When the NBA board of governors meets in Coronado, Calif. later this month, it will consider a proposal for a split-season playoff format similar to the one that baseball wound up with in its strike-marred 1981 season. The split season's chief proponent, Detroit Pistons General Manager Jack McCloskey, views the scheme as a way of infusing the NBA with the extra shot of excitement it so obviously needs. The league's attendance and television ratings have been sluggish, its 82-game regular season seems to drag on interminably and the disparity between have and have-not teams has helped put a number of franchises in deep financial trouble.

Under McCloskey's proposal, the NBA season would be divided into two 41-game halves broken by the All-Star Game. As at present, 12 of the 23 NBA teams, six from each of the two conferences, would qualify for the playoffs. Divisional winners in each half would automatically receive playoff berths, with byes going to teams that win both halves or, in the case of different divisional winners, have the best records for a half season. The remaining playoff spots would be filled by teams with the best records in either half season.

Had McCloskey's proposal been in effect this season, there would have been no change in the 12 playoff qualifiers. "Nine out of 10 times you'd get the same teams under either format," McCloskey concedes. "The teams that will most likely win both halves—the Bostons and Philadelphias—will be there year after year. But the plan would create a stimulus for the have-nots. Several teams are completely out of the playoff picture after 20 or 25 games. This would give new life to teams that are young or that suffer injuries early in the season."

There's already a lively debate over the concept of an NBA split season. Joe Axelson, vice-president for NBA operations, who on July 1 will become the Kansas City Kings' general manager, calls it "an interesting idea." Washington General Manager Bob Ferry feels it would only create confusion. Others complain that a split season has minor league connotations; Celtic G.M. Red Auerbach calls it "stupid and bush." A more specific objection is that the possibility of earning a playoff bye by winning both halves might not provide sufficient incentive for a first-half winner to try its utmost during the season's second half. In baseball's split season, some of the first-half winners, having already sewed up playoff berths, practically sleepwalked through the second season. Partly for that reason, fans had trouble taking the split-season races seriously, and attendance and TV ratings suffered.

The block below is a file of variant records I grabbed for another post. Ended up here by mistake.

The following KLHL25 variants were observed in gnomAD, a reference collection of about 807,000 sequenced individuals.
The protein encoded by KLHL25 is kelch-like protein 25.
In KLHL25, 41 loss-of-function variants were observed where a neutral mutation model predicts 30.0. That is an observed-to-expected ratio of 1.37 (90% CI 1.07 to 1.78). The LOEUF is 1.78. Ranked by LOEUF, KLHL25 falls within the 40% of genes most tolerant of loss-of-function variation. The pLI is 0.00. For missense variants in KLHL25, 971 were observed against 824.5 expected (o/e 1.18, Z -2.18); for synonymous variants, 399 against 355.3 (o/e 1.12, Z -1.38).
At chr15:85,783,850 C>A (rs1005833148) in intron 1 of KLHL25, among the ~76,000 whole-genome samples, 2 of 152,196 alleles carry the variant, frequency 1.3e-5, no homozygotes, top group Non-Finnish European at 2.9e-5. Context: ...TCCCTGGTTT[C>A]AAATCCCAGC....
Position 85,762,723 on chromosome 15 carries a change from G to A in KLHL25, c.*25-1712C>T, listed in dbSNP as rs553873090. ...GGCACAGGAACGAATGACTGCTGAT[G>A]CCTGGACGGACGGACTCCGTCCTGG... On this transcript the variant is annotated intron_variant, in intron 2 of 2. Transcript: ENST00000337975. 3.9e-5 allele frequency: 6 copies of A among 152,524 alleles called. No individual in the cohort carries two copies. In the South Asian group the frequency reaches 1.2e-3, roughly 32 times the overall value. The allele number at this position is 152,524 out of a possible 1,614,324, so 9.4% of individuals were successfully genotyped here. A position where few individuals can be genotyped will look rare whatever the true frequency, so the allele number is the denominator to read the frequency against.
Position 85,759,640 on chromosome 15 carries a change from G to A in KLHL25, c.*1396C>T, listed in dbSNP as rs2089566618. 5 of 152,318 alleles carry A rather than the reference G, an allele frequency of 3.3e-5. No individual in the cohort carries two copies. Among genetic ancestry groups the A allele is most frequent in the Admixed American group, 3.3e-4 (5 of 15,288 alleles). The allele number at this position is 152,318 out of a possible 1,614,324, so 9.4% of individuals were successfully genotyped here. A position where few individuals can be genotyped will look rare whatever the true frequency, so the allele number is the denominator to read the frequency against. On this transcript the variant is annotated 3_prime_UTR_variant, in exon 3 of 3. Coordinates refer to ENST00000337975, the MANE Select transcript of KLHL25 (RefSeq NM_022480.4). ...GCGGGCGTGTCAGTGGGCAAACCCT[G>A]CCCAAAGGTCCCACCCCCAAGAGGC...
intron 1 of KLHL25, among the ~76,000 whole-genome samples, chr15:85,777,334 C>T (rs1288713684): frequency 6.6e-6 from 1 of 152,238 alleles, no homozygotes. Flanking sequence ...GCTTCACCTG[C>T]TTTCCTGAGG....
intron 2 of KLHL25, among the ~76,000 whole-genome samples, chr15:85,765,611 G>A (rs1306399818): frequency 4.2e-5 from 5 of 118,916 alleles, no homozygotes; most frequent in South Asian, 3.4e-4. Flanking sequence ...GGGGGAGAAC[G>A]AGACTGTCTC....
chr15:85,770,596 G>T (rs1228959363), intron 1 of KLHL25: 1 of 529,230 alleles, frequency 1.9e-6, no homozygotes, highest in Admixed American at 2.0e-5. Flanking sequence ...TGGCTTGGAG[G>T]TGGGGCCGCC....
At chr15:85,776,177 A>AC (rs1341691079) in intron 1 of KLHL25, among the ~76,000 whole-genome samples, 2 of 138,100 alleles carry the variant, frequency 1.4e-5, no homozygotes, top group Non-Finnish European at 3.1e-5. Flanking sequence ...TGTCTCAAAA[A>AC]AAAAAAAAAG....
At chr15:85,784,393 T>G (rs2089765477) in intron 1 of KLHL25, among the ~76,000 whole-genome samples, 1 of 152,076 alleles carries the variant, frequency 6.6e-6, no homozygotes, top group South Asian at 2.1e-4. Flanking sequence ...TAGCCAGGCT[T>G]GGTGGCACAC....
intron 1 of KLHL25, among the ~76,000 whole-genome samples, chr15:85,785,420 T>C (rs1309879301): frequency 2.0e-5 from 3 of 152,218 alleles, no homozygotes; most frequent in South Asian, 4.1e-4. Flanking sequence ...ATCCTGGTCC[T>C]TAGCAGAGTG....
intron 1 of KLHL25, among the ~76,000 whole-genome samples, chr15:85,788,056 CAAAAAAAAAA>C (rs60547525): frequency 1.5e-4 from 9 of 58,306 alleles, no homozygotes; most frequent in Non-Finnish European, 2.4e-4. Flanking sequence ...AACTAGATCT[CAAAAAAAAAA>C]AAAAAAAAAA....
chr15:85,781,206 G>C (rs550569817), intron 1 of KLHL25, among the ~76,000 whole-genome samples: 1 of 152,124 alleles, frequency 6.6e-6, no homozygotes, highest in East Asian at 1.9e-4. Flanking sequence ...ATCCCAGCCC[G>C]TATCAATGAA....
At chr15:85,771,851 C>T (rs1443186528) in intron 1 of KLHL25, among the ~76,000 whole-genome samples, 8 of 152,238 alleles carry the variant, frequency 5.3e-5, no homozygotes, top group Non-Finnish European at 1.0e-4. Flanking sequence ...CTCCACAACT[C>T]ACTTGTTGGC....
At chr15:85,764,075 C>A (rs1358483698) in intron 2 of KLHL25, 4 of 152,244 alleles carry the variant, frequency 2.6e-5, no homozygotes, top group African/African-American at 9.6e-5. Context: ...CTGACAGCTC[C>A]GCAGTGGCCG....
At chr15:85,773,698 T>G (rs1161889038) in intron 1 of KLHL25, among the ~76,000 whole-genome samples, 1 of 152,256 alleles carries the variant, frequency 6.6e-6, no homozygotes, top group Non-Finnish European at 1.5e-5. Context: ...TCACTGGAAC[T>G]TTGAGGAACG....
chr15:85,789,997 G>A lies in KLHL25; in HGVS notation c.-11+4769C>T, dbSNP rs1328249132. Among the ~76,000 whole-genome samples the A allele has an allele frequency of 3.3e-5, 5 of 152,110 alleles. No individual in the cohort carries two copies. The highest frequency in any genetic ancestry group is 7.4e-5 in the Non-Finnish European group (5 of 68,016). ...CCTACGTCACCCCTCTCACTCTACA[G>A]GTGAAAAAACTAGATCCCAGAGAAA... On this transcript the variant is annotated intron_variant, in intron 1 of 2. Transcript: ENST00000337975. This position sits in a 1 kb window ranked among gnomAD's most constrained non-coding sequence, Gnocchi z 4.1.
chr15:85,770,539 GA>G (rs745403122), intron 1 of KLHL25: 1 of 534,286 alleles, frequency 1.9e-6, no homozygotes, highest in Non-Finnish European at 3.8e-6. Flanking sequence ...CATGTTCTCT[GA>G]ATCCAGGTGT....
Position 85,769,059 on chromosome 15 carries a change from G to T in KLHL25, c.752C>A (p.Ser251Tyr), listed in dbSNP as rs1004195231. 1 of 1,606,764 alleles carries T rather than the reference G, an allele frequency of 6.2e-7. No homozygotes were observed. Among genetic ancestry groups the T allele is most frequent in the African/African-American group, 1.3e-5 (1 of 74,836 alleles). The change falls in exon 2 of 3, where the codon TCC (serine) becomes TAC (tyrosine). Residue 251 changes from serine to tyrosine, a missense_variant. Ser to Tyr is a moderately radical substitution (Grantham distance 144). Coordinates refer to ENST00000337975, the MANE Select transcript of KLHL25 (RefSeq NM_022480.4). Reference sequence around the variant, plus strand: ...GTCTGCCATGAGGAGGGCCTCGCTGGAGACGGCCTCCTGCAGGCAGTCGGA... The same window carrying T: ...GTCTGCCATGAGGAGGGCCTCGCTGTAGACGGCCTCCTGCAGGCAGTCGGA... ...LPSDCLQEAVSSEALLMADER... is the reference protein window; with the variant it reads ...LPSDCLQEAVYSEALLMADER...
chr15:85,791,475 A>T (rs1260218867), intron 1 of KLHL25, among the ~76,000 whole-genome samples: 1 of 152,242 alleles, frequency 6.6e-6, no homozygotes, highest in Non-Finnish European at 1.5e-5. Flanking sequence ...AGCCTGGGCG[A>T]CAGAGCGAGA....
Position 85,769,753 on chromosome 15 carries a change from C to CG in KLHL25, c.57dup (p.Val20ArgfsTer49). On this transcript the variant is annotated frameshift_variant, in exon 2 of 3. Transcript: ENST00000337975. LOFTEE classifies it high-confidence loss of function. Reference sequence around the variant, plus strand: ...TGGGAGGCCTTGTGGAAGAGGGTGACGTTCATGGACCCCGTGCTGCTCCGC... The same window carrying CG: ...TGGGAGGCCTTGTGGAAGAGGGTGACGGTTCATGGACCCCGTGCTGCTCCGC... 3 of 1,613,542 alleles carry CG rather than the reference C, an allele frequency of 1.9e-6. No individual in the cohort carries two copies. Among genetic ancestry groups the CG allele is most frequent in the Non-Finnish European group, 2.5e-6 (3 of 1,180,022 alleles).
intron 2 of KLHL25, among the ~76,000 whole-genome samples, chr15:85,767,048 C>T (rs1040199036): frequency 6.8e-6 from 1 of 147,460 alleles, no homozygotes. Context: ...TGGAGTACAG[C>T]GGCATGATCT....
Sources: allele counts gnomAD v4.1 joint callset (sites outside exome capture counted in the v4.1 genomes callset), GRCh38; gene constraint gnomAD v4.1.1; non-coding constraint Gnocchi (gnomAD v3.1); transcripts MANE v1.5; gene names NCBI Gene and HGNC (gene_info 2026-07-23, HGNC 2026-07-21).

Baseball fans, of course, traditionally tend to resist gimmicks that dilute regular-season races. In contrast, the NBA has taken a more-the-merrier approach to playoffs, from which relatively few teams are eliminated during the regular season. But that's exactly why a split season in the NBA may be superfluous. This season Atlanta, Washington and New Jersey all struggled early because of injuries or inexperience, but all rallied to earn playoff berths; with so many berths available, no second season was necessary to qualify them for postseason play. Only five clubs—Kansas City, Utah, Dallas, Cleveland and San Diego—were drummed out of playoff contention early. The real issue is whether teams as poorly run as San Diego and Cleveland deserve the chance of a second season. Those feckless franchises must be overhauled if the NBA hopes to correct the competitive imbalance that's at the root of most of the league's ills. Adopting a split season would treat a symptom of those ills, not the causes.

The book section of the May 23 Los Angeles Times contained a review by Robert Dawidoff, who, according to a credit line, "teaches history at the Claremont Graduate School." Another contributor to the section, Edward Condren, was identified as "a member of the English Department at UCLA." Somewhat less conventional were the credentials of one Chris Wall, who reviewed—and panned—a Macmillan-published book by Harvey Frommer, Rickey and Robinson: The Men Who Broke Baseball's Color Barrier. The credit line on Wall's review identified him as a former Northwestern basketball player who "once fouled Magic Johnson."


A commercial now being aired in Baltimore features Oriole Third Base Coach Cal Ripken Sr. at the family dinner table with Cal Ripken Jr., the Birds' third baseman. As sometimes happens during Oriole games, the elder Ripken is busily flashing signs to his son. When the father, after touching his cap, rubbing his chest and so on, asks if the son recalls the meaning of that sequence of gestures, the latter replies, "Sure, that's the sign for 'Pass the peas.' "